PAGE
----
Case studies

Last year more than 2,000 complaints were received about medical practitioners. While this represents a very small proportion of practitioners in New South Wales, the complaints were primarily centred on themes such as clinical care, communication and medication issues. To outline the work of the Council, below are two case studies of doctors who were reported.


In 2017 three complaints were referred to the Medical Council by the Health Care Complaints Commission (HCCC) about Dr A, a 50-year-old solo general practitioner. The complaints had alleged Dr A had made an incision that was larger and deeper than necessary; that Dr A had not given an option for a specialist referral; had demonstrated poor use of anaesthesia and poor infection control. Dr A was alleged to have also responded inappropriately to obvious infections, which had resulted in hospital admissions.

Shortly after referral of the three complaints to the Council, the HCCC received a further complaint from a patient alleging Dr A was performing procedures beyond the expertise of the practitioner and in unsuitable conditions. The Council requested an urgent referral in order to consider the four complaints together. Due to serious concerns regarding Dr A's performance, the Council convened s150 proceedings to determine if urgent action was required to protect the health and safety of the public. Conditions were consequently imposed on Dr A's registration and the complaints were referred back to the HCCC for investigation. 

Three subsequent complaints were received by the HCCC regarding Dr A performing procedures inappropriately on patients involving multiple co-morbidities without referral to a specialist and performing an inappropriate procedure leading to disfigurement. The Council, on the basis of these further similar complaints, convened further immediate action proceedings due to concerns about Dr A's continued risk to the public. Dr A's registration was suspended and the suspension remains in effect until the outcome of the investigation in relation to these complaints.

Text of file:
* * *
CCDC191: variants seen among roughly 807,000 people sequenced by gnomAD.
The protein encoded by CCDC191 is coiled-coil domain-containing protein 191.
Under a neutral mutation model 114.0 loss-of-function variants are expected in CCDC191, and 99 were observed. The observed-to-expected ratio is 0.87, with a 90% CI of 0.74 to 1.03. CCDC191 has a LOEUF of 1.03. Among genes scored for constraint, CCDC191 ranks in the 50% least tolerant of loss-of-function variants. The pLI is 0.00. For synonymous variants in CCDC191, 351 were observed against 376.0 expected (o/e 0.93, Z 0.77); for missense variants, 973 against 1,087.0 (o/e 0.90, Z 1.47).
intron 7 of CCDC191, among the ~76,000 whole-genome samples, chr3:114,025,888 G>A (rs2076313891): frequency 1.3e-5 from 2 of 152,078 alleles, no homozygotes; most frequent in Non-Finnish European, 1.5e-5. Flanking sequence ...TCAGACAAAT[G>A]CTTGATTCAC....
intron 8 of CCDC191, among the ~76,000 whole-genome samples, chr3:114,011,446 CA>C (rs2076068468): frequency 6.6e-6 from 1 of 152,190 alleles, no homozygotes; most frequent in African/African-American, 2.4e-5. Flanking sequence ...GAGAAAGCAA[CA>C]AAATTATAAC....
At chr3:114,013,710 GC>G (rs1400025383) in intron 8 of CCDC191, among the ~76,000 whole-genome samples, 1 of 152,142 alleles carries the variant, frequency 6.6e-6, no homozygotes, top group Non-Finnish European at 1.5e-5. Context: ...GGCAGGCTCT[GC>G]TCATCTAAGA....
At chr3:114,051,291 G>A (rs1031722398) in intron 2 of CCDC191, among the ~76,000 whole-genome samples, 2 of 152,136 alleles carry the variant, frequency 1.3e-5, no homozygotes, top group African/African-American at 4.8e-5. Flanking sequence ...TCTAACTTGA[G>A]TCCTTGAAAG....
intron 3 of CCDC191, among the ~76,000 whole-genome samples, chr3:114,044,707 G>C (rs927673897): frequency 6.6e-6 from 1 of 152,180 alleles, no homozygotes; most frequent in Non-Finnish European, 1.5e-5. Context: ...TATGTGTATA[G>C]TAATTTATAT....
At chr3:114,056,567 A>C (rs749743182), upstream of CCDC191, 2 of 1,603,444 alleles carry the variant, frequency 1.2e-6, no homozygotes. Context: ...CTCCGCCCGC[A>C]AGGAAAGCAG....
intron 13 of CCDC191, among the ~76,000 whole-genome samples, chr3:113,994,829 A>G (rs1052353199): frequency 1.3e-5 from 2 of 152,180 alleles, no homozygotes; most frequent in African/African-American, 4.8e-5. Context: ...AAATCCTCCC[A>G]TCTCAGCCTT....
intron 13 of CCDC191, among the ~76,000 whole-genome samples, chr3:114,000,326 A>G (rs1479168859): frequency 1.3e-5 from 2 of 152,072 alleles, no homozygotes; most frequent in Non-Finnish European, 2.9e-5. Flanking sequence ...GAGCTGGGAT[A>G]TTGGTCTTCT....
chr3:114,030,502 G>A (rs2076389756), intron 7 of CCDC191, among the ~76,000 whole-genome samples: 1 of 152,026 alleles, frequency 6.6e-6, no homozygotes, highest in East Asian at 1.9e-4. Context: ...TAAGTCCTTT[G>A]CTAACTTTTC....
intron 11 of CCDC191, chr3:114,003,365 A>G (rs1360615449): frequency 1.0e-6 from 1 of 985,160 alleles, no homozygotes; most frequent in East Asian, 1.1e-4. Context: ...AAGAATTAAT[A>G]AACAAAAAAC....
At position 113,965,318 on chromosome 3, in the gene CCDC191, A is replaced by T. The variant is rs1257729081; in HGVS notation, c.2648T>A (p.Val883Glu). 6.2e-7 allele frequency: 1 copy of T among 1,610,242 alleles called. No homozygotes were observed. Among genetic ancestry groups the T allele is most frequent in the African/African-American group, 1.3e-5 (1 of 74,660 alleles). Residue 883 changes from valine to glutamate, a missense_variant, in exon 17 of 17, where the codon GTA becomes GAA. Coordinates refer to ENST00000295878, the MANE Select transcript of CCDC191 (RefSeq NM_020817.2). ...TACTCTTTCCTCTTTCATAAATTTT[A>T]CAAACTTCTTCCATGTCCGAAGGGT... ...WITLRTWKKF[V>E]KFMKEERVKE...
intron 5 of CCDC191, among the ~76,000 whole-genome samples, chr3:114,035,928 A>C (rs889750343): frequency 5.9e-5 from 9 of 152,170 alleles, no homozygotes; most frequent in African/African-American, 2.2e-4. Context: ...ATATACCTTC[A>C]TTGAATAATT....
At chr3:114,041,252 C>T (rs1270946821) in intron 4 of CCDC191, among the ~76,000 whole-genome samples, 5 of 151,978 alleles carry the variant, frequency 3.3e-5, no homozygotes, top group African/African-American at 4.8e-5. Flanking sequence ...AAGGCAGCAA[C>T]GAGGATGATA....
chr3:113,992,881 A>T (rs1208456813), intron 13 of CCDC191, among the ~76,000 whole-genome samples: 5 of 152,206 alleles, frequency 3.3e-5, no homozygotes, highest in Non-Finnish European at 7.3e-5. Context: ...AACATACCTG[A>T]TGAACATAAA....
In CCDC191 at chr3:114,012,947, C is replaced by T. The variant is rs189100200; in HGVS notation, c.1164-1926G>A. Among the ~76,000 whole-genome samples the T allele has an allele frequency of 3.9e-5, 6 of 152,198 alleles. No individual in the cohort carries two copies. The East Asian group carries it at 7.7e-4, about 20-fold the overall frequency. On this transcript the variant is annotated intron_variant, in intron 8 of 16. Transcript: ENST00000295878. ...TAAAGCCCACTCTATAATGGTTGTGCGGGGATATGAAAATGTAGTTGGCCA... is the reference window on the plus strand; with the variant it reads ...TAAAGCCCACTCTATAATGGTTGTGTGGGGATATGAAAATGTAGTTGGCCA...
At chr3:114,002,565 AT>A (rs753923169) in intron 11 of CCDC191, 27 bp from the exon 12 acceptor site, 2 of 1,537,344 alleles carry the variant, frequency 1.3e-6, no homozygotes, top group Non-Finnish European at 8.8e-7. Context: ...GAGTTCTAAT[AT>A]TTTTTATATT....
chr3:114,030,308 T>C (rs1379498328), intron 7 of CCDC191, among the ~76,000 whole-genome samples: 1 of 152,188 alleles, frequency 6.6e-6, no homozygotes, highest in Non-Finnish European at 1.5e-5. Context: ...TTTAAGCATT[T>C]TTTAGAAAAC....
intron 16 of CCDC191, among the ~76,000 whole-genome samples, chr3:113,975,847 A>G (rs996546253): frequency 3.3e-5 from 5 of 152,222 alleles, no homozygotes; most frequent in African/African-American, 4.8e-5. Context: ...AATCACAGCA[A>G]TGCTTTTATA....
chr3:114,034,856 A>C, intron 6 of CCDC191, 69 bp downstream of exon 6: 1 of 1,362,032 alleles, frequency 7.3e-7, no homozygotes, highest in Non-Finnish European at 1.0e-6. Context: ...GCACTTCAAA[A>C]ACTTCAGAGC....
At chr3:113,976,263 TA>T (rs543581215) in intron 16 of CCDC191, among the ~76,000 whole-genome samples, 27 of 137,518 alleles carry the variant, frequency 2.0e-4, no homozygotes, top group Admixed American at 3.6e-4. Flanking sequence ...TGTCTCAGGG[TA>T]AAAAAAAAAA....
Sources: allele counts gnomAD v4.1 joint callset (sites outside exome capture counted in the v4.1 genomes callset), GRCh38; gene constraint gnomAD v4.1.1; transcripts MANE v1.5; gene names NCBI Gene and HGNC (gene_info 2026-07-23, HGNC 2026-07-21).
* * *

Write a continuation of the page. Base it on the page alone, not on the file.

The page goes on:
This case study illustrates how the Council manages complex complaints involving a medical practitioner to ensure the protection of the health and safety of the public.


The NSW Civil and Administrative Tribunal (NCAT) had imposed conditions on the registration of Dr S as a result of her inappropriate prescribing practices. These conditions restricted her access to schedule 8 and schedule 4 appendix D drugs, obliged her to move into a group practice and required her to be supervised and mentored for some periods.

Several years after participating in the Council's Monitoring Program, Dr S sought to have her conditions lifted. Dr S submitted that she had gained valuable insight into why her previous conduct had come to the attention of NCAT and had benefited from being actively mentored. Dr S was able to demonstrate to the Council that she had made positive changes to her practice, including recognising the benefits of participating in a group practice where she was able to develop her clinical leadership skills. 

Her submission to resume full practice was supported by her Council approved mentor, whose reports to Council had documented how Dr S had developed and improved to the point where she could resume full practice. Her conditions were lifted. 

Several years after participating in the Council's Monitoring Program, Dr S sought to have her conditions lifted.